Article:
(This article originally appeared in the Philadelphia Inquirer)
If your small business has more than 20 employees and you’ve had to lay off workers recently, those workers can still receive health-care coverage and you can get reimbursed for providing it.
That’s the takeaway from a new provision of the American Rescue Plan Act— the stimulus bill signed by the president and enacted March 11 — and it’s a potentially huge benefit for workers who lost their jobs from the pandemic and their former employers.
For those workers, it provides free health coverage through Sept. 30. For employers it provides a way to fund these benefits and keeps the door open for laid-off employees to return to work (one hopes) as the economy improves.
How does this work?
To start, you have to understand the COBRA(Consolidated Omnibus Budget Reconciliation Act) rules, which date to 1985. Those rules require most companies to continue to offer their company’s health insurance to those workers — and their family members — when the worker was involuntarily laid off (or had hours reduced) for up to 18 months.
There are other qualifying events for COBRA, which include the death of the employee, a divorce or a change in the dependency of a child and, depending on these events, the covered period may extend as long as 36 months. The former workers are responsible for the premium payments.
Unfortunately, a lot of people were laid off this past year, and many could not afford to continue paying for their health insurance, even under COBRA.
But now there’s temporary relief: Employers would pay for the premiums starting April 1 through Sept. 30 and then get reimbursed by the government through a credit against their employer Medicare taxes paid each quarter on their federal payroll tax returns. If the credit exceeds the payroll taxes due, then that remaining amount is refundable to the employer. The premium payments would be tax free to the individual.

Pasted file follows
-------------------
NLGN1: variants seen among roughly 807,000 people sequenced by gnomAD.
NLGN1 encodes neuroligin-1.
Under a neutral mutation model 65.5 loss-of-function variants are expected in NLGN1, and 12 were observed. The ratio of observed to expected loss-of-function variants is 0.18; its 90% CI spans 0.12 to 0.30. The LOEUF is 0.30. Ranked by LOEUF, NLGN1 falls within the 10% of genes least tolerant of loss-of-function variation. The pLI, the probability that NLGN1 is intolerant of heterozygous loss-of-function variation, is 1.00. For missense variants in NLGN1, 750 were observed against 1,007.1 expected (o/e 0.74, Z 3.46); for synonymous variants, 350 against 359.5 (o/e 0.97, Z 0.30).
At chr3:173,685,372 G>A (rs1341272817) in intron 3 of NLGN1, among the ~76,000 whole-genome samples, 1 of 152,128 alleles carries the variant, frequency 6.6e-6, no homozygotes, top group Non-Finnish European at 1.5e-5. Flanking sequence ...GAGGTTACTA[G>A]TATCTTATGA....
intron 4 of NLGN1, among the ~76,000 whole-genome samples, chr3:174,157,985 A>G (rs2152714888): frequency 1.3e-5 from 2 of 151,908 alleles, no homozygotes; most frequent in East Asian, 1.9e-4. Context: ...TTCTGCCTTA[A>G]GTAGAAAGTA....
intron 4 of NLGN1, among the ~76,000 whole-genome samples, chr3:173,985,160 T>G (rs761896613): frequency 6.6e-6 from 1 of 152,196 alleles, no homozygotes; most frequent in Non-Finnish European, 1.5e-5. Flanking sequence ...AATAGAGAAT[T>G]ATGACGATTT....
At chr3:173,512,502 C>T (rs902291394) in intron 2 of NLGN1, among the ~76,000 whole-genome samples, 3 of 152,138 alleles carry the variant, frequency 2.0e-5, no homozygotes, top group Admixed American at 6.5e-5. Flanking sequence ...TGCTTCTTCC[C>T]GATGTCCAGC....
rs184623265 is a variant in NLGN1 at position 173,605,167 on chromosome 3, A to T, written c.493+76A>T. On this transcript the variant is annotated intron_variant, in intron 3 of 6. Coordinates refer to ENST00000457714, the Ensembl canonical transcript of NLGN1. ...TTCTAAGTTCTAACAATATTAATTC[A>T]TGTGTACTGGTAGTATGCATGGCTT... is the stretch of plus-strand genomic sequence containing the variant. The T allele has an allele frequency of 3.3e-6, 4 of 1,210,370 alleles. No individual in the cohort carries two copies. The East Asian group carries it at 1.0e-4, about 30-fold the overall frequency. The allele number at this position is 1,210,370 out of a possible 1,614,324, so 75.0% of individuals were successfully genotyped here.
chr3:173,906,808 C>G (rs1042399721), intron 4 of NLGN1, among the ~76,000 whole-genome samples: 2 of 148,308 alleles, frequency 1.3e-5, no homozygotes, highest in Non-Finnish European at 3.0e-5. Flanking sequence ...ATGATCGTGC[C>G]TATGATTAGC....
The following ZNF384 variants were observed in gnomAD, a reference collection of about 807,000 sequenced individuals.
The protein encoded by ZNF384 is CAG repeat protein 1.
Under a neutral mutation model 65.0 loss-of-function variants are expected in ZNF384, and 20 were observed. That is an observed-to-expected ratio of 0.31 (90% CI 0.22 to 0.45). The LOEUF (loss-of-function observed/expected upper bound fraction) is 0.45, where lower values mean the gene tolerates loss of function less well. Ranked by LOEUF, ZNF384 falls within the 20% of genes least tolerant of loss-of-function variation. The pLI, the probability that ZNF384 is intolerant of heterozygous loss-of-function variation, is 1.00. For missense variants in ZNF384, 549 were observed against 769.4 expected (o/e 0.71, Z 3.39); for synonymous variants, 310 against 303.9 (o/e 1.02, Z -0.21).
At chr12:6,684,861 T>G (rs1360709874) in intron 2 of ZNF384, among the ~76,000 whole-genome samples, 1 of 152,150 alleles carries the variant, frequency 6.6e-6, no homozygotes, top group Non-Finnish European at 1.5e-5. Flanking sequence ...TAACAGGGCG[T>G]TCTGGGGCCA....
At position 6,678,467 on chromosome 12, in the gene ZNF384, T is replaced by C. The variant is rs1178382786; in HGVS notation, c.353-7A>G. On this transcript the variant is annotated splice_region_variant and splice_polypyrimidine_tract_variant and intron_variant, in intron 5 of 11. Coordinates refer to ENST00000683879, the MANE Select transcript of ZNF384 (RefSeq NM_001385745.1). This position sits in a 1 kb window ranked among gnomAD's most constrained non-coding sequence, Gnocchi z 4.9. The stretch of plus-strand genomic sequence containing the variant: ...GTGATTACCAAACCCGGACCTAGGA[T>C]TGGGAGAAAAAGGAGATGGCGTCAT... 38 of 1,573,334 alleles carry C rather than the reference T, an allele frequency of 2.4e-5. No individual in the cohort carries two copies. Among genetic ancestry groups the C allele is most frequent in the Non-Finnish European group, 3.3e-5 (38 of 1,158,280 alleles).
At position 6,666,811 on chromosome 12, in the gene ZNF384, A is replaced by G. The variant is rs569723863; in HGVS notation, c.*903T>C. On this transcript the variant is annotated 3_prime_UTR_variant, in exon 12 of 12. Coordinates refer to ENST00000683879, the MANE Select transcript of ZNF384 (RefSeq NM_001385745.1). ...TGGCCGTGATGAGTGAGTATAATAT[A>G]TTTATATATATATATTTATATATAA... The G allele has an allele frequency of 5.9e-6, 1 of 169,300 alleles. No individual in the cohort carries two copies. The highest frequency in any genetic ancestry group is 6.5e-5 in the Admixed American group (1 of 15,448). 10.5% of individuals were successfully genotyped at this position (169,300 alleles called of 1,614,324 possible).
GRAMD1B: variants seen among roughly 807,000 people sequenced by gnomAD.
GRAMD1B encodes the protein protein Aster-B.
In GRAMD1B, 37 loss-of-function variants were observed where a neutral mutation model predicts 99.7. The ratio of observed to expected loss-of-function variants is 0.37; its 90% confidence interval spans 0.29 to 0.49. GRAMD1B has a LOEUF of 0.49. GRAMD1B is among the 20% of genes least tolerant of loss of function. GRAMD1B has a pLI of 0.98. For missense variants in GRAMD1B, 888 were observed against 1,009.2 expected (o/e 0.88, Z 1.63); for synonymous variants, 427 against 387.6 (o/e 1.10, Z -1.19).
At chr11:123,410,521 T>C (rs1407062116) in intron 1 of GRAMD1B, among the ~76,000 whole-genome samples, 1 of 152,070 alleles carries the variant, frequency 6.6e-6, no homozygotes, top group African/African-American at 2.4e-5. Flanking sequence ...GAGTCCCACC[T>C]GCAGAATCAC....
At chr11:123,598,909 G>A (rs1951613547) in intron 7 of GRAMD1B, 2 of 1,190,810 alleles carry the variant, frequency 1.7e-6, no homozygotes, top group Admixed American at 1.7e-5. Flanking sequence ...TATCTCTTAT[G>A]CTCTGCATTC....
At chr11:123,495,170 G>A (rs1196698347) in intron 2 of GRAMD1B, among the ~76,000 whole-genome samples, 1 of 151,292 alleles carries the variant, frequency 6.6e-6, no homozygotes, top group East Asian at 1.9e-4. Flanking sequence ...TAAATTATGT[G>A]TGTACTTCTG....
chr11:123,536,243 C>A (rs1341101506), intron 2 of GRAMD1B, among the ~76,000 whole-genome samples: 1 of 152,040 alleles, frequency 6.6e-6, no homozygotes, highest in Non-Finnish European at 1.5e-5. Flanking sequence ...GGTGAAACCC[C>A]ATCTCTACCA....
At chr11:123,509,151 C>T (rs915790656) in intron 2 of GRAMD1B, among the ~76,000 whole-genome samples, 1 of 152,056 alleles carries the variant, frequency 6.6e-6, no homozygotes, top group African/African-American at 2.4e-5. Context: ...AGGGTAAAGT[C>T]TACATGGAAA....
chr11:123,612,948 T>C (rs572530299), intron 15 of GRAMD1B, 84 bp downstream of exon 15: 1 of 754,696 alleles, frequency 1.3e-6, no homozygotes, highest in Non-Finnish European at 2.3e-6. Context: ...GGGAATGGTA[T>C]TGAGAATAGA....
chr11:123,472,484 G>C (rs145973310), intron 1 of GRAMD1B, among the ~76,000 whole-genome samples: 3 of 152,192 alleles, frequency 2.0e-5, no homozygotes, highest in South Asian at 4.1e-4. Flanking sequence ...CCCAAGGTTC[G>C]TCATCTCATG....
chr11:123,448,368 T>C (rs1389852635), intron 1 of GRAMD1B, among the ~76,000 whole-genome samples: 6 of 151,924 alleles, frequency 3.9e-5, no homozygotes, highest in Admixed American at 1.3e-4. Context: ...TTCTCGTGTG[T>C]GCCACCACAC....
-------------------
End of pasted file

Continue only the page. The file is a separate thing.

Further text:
While this type of help is sorely needed for individuals who may have lost their coverage, it will create more headaches for some employers. Although there may be an opportunity to take these tax credits in advance (the rules are still being worked out), the premiums still have to be paid upfront before any tax refund is received, and this could cause cash flow challenges, particularly for a small business.
Ronnie Beth Stanley, a managing partner at Radnor’s Fairmount Benefits, also warns that providing “free” COBRA could also raise an employer’s costs in the long term.
“If the former employee receiving coverage is older, COBRA can potentially increase the company’s census age, which could increase their health-care rates at renewal,” she said. “We’ve found that often COBRA participants are higher utilizers of health care, and this could impact the employer’s cost at renewal.”
This coverage is open to former employees who previously failed to elect COBRA, discontinued their coverage, or have yet to elect it, but unfortunately for some individuals, the new legislation doesn’t allow for the extension of this coverage if it has already expired. Employers also have the option to allow former employees to switch plans. Businesses are required to notify former workers of their eligibility by the end of May, as well as what assistance is available and when these benefits terminate.
So, yes, the clock is ticking. And yes, more information is needed from the Department of Labor. But there are still plenty of things an employer should be doing now, including identifying those people who should be receiving notices and deciding on whether to allow those former employees to switch plans. There will be penalties if notices are sent out late.
“Now that the measure has passed, it will be up to the Department of Labor to provide guidance, so until that is complete the details are somewhat speculative,” said Rob DeNinno a principal at Precision Benefits Group in Philadelphia. “My advice to employers would be to reach out to their benefit consultant or broker for guidance to make sure they are complying.”